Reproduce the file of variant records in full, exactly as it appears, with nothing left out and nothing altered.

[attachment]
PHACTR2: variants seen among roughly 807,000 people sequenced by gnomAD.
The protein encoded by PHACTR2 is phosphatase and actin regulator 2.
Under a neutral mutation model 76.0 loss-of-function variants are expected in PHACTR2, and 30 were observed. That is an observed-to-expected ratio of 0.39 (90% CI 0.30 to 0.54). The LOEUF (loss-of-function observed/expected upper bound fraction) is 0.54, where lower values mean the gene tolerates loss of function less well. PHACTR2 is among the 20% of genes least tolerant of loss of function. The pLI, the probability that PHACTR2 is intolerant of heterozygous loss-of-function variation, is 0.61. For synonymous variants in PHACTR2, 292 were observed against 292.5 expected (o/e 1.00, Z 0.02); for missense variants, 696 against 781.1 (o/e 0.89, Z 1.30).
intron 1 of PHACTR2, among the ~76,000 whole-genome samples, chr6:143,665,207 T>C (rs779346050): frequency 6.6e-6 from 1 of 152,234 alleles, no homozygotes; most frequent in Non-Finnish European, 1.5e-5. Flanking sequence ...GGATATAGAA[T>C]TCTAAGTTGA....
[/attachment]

PHACTR2: variants seen among roughly 807,000 people sequenced by gnomAD.
The protein encoded by PHACTR2 is phosphatase and actin regulator 2.
Under a neutral mutation model 76.0 loss-of-function variants are expected in PHACTR2, and 30 were observed. That is an observed-to-expected ratio of 0.39 (90% CI 0.30 to 0.54). The LOEUF (loss-of-function observed/expected upper bound fraction) is 0.54, where lower values mean the gene tolerates loss of function less well. PHACTR2 is among the 20% of genes least tolerant of loss of function. The pLI, the probability that PHACTR2 is intolerant of heterozygous loss-of-function variation, is 0.61. For synonymous variants in PHACTR2, 292 were observed against 292.5 expected (o/e 1.00, Z 0.02); for missense variants, 696 against 781.1 (o/e 0.89, Z 1.30).
intron 1 of PHACTR2, among the ~76,000 whole-genome samples, chr6:143,665,207 T>C (rs779346050): frequency 6.6e-6 from 1 of 152,234 alleles, no homozygotes; most frequent in Non-Finnish European, 1.5e-5. Flanking sequence ...GGATATAGAA[T>C]TCTAAGTTGA....